Tufts, who lacked high-usage players Nikhil Bhatia-Lin and Jac Carreiro for parts (and in Carreiro’s case, almost all) of the game, came out of half flat. On their first offensive possession, they flubbed an easy scoring opportunity and failed to transition well to defense. Victoria’s Sean Bennett took advantage of the Tufts confusion to send a 70-yard bomb. The score stood at 10-7 and never got closer.

What we caught a glimpse of in yesterday’s upset of Pittsburgh is now in full view: Victoria have now firmly established themselves as a threat to bust into the bracket. They can only be eliminated on tiebreakers at this point, and a win against Oregon in the 10:00 round today would clinch a bracket berth.

Tufts, meanwhile, are teetering on the brink. They’ll have to both beat Oregon this afternoon and get lucky with some other results. Without a fully healthy squad, that’s going to be an extremely tall task.

– Edward Stephens

Pittsburgh En Sabah Nur 15 – 13 Wisconsin Hodags

The pool play game between Wisconsin and Pittsburgh was chock full of highlight-reel plays: fantastic hucks, toe-ins galore, and hard-nose defense. Despite a pair of late pushes from the Hodags, however, Pittsburgh came away with a strong 15-13 victory.

Andrew Lehmberg picked up right where he left off from yesterday’s game against Ego. The Pittsburgh star has been the best player on the field for them. He continues to impose his will on the wind with his throws, as well as to pick his spots to exploit the defense deep. The other Pittsburgh player to make a major impact was D-line fixture Kevin Tsui. He found openings for two layout blocks in the first half, and caught or threw a number of breaks for En Sabah Nur.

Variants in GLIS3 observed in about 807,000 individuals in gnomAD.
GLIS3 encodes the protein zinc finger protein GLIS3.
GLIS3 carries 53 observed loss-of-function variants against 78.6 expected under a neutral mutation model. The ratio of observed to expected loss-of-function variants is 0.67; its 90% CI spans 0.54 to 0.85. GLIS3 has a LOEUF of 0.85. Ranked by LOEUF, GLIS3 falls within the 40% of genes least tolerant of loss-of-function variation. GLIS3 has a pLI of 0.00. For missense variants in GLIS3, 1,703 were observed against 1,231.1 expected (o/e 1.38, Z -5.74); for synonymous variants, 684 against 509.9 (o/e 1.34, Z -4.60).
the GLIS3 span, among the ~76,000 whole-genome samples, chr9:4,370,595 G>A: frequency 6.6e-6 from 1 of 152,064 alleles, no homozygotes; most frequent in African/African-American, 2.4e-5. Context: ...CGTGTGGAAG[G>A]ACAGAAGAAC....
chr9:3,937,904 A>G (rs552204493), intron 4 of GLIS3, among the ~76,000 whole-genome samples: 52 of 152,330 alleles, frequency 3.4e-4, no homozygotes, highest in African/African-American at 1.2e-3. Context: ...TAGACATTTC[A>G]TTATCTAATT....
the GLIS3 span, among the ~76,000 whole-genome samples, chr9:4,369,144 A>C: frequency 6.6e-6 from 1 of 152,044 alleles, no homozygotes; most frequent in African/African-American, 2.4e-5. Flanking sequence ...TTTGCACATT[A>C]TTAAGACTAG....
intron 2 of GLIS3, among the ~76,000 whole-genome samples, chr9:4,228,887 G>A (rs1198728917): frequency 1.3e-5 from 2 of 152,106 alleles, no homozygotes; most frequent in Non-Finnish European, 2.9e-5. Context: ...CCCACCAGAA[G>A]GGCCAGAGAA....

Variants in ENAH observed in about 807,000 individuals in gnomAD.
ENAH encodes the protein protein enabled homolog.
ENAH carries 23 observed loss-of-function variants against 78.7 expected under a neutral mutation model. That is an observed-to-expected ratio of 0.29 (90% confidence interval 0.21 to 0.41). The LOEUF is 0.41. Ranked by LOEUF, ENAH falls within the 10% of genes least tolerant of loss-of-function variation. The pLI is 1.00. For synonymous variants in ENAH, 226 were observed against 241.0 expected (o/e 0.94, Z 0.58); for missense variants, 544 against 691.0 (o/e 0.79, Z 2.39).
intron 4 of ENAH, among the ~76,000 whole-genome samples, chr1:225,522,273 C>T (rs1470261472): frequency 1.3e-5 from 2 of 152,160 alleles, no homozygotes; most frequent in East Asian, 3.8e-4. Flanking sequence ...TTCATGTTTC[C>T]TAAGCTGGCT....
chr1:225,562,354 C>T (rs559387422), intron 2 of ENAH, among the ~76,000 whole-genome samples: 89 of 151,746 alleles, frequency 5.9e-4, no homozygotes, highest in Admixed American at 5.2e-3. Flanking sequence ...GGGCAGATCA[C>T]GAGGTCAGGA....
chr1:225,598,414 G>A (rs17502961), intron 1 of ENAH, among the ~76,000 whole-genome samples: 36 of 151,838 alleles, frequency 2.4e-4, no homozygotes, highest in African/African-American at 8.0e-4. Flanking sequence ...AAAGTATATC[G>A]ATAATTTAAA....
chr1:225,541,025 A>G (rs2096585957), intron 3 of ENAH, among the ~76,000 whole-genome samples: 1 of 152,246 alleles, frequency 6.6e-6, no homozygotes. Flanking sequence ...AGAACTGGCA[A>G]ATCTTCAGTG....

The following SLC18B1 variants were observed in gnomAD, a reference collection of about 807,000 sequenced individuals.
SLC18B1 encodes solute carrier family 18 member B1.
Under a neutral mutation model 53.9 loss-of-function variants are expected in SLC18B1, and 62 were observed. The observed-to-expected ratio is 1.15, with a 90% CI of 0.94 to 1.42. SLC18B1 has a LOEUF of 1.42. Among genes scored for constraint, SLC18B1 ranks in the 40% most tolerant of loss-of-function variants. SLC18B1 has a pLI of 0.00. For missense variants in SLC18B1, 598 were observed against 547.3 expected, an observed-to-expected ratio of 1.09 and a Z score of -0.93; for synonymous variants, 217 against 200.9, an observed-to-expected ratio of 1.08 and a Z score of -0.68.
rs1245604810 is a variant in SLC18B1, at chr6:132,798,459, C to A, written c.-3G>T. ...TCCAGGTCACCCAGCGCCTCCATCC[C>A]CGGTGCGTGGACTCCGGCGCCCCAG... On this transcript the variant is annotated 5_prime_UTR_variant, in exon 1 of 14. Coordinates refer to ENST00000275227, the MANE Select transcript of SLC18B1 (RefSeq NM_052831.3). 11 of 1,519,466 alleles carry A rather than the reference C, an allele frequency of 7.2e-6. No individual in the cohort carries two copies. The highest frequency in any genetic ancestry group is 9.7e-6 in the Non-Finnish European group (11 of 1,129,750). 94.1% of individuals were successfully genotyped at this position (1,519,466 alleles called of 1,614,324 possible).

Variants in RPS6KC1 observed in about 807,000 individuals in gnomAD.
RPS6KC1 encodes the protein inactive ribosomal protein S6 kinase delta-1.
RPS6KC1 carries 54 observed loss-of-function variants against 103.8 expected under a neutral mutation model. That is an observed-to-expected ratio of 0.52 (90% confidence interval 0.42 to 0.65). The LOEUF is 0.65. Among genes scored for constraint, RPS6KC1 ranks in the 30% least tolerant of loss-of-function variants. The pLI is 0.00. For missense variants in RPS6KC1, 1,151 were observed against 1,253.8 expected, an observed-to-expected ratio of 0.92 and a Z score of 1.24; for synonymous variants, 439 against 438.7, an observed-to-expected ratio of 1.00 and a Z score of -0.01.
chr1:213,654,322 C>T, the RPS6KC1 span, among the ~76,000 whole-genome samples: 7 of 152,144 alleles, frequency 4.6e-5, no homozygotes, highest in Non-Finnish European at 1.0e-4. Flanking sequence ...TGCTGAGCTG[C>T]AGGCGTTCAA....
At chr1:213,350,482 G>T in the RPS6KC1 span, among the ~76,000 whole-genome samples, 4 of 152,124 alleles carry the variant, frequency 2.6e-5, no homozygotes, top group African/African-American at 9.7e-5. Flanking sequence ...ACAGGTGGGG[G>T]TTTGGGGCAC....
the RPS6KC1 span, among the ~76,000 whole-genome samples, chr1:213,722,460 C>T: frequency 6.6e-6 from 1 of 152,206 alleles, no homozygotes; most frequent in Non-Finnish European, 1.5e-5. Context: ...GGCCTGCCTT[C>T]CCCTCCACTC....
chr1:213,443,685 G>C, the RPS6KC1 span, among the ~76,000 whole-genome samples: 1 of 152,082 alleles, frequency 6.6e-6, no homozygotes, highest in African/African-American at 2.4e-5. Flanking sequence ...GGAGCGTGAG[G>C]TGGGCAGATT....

Wisconsin were in no mood to go down quietly, and they had a bevy of players stepping up. Pittsburgh executed a gameplan to force Nick Vogt under all game, which created a vacuum that Ted Schewe was only too happy to fill. Schewe was a highlight machine for the Hodags. He announced himself with an unbelievable layout catch at the back of the end zone early in the first half and remained at that level for most of the game.

But not everyone on Wisconsin played up, and some bad mistakes gave Pittsburgh a healthy 8-5 halftime lead. A few points into the second half, Pittsburgh began to widen the gap to 11-7. A three break lead in an upwind-downwind game? That’s easy money.

Sam Hebert and the Wisconsin defense had other ideas. A couple of upwind breaks, which Hebert personally led up the field, put them back in range: pulling downwind down 12-11. Meanwhile, Lehmberg left the game with an injury. (He’s managing it and will continue to play, under observation, later in the day.) The Hodag defense was tight, but Pittsburgh handler Hafeez Shams mustered the strength to send a huge backhand from half field deep into the attacking end zone, where Will Hoffenkamp came down with it. Wisconsin lost the disc on their next offensive possession, and Kevin Tsui worked his way underneath his defender for a devastating Pittsburgh break for 14-11.